Despite us find­ing a fair­ly shel­tered part of the camp­site, the wind was blow­ing a hoo­ley on the Fri­day night, too strong to sit out­side on this occa­sion. Know­ing the wind was going to can­cel any chance of some good surf in the morn­ing, a few drinks were on the cards, no prob­lem get­ting to sleep on this occa­sion.

On this occasion the vans at Easewell Farm were not quite level but away from the wind
On this occa­sion the vans at Easewell Farm were not quite lev­el but away from the wind

Wak­ing up on Sat­ur­day was a lit­tle dis­ori­en­tat­ing. Every now and again, as on this occa­sion, I wake up in the van and won­der where the hell I am and tak­ing a few sec­onds to realise what’s going on. Then, when my alco­hol fogged mind catch­es up, it feels great to know I’m stay­ing away.

There still looked liked some hope for surf on Sun­day but for now, the wind was still fair­ly strong. It had dropped off a bit from the day before but we’d decid­ed it would be a good oppor­tu­ni­ty to keep active and get in a good walk. At first, the plan was to walk to Woola­combe and to the top of Potter’s Hill but that turned out to just be part of it. Easewell Farm’s loca­tion is just on the north­ern edge of the west fac­ing Atlantic coast and right next to it is Morte Point which we’ve known from pre­vi­ous vis­its is a great place to walk and see the seals. Despite being sum­mer and with the sun actu­al­ly shin­ing, the wind was bit­ing so it was a lit­tle dif­fi­cult to know what to wear, for­tu­nate­ly a T-shirt, shorts and a hoody was suf­fi­cient. And of course, appro­pri­ate footwear, instead I opt­ed for my Vans.

The views as you walk around Morte Point are real­ly some­thing else, since my first vis­it to this area I have nev­er been dis­ap­point­ed from what can be seen. On approach­ing the coast we released from the white hors­es out afar and the lumpy mess on the coast­line that we were right not to take the surf­boards out. Fol­low­ing the coast­path around the point even­tu­al­ly meets the road between Mor­ti­hoe and Woola­combe, it’s then just a short walk down into the vil­lage of Woola­combe. Time to get some­thing for lunch and an ice cream before mov­ing on to Potter’s Hill. Out of the wind, the sun was real­ly warm, the whole coast­line just lights up on a sun­ny day, hence being named the Gold Coast.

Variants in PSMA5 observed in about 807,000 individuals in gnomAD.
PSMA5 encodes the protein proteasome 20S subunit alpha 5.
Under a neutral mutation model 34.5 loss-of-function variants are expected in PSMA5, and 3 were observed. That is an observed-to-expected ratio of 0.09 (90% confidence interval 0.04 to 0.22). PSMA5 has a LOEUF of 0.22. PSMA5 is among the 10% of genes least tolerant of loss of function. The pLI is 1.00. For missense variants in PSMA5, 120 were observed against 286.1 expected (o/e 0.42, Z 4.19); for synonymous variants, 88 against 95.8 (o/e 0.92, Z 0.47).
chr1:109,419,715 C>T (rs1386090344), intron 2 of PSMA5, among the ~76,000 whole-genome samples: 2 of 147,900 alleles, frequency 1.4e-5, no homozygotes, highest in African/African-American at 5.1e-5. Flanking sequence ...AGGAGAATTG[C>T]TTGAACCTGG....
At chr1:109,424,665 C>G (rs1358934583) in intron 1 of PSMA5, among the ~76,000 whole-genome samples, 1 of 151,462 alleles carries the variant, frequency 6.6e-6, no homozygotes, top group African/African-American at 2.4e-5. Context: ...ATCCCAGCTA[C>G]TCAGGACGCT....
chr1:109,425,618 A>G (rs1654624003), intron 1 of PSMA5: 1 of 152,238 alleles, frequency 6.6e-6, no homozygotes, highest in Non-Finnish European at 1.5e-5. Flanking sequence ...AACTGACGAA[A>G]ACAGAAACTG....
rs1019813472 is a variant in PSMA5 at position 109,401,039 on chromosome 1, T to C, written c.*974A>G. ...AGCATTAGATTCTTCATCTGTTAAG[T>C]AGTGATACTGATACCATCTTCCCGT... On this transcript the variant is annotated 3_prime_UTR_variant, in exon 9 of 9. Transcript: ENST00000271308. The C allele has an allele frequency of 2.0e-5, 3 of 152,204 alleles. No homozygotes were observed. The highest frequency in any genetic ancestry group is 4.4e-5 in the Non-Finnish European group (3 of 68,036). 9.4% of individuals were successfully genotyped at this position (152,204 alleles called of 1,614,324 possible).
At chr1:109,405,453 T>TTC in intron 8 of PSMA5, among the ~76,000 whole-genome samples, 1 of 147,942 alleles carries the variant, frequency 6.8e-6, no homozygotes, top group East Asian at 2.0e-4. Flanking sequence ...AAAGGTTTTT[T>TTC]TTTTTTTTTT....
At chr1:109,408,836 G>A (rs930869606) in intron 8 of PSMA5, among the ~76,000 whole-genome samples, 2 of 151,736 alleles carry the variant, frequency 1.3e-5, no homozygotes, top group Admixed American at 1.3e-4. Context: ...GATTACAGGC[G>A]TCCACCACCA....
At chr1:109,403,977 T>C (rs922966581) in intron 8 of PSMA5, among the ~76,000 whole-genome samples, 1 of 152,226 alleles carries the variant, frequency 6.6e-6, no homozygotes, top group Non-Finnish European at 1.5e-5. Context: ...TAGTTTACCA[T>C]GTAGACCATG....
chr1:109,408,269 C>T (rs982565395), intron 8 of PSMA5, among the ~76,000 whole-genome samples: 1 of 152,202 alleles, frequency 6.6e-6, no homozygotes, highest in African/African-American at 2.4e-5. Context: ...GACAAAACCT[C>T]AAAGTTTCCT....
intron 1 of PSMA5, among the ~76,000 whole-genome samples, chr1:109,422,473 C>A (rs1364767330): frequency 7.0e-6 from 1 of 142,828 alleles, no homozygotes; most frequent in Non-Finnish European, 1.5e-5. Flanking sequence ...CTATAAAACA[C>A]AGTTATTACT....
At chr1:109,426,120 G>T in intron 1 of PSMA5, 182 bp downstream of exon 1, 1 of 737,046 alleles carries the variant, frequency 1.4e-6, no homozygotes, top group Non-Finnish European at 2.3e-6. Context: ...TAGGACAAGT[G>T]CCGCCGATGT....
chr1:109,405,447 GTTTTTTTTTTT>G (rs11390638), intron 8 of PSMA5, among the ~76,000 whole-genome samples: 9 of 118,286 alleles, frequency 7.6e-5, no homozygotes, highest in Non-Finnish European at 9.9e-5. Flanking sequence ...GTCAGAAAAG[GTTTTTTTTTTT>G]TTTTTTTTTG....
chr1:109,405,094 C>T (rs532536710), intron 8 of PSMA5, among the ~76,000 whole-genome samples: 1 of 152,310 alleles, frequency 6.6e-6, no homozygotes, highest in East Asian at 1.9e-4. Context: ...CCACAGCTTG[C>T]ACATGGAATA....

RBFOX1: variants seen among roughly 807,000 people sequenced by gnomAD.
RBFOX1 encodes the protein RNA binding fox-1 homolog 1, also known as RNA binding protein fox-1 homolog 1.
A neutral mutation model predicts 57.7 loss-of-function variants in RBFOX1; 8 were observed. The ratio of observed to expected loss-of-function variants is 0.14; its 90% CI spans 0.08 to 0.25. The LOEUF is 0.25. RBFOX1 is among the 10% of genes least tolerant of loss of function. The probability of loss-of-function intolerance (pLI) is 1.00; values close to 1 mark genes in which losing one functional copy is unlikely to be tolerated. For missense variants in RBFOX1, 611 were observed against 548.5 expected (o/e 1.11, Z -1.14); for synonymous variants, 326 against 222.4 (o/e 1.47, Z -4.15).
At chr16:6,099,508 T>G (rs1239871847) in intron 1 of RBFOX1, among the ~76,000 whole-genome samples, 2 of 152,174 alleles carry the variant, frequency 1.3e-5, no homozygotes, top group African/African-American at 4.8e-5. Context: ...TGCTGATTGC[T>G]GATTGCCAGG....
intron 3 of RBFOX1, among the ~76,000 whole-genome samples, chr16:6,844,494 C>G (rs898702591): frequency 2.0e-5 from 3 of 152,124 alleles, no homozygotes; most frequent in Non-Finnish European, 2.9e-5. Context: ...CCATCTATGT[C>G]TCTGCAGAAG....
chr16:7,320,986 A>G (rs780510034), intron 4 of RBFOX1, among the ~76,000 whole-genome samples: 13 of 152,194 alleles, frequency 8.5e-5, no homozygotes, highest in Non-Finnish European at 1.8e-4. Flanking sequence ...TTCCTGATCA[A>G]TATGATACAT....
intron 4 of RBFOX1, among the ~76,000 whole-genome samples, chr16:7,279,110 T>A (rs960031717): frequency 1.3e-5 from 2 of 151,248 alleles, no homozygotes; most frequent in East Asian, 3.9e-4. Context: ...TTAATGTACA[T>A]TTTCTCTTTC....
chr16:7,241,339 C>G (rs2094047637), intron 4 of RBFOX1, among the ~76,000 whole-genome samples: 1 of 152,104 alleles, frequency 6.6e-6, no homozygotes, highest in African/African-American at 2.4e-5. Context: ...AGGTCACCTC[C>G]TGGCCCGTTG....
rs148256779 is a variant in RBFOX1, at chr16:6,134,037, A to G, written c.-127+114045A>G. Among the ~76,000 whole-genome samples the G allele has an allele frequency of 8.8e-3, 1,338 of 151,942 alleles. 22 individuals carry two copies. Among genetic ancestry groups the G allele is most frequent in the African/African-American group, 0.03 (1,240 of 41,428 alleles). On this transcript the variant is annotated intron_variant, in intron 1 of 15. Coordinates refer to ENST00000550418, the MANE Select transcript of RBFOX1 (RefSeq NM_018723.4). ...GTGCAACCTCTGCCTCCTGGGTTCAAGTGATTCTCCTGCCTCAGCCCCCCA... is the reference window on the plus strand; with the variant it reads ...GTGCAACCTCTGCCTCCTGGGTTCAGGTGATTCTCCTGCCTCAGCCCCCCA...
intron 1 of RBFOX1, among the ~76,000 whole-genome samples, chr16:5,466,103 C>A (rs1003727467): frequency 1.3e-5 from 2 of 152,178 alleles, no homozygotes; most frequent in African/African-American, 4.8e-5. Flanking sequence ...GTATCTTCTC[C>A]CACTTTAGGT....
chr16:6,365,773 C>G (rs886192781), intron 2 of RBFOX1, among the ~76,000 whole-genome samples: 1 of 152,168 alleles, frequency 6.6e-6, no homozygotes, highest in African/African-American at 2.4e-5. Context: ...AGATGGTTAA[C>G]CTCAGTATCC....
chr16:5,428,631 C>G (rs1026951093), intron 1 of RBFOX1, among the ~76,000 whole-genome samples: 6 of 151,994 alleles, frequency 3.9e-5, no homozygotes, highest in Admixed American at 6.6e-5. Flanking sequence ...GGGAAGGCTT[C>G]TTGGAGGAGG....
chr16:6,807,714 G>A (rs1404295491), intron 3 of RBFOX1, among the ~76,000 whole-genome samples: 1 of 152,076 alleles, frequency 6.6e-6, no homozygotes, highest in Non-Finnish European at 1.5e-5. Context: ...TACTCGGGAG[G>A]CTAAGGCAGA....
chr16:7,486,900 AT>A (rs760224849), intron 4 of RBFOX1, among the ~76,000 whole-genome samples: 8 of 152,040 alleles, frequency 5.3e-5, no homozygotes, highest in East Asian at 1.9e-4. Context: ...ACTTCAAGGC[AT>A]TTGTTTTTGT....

A view across Rockham Bay towards Bull Point Lighthouse
A view across Rock­ham Bay towards Bull Point Light­house

Potter’s Hill is just south of Woola­combe, it’s only a short walk up from the busy crowds of Woola­combe and when you arrive you feel like you’re in a dif­fer­ent place alto­geth­er, the views are astound­ing and on this occa­sion we were the only peo­ple there. Once we had tak­en in the views and placed our own stones on the rock pile, the sug­ges­tion came of walk­ing on towards Puts­bor­ough, it was still ear­ly after­noon and the only oth­er plan we had for the day was to stop off at the pub on the way back to watch the Germany/Italy game in the evening.

It feels like I have my very own hill.
It feels like I have my very own hill.

The path climbing Potter's Hill, looking back towards Woolacombe
The path climb­ing Potter’s Hill, look­ing back towards Woola­combe

Looking from the top of Potter's Hill, shows exactly how blown out the surf is
Look­ing from the top of Potter’s Hill, shows exact­ly how blown out the surf is
Looking over towards Putsborough and beyond. Hartland Point being in the very far distance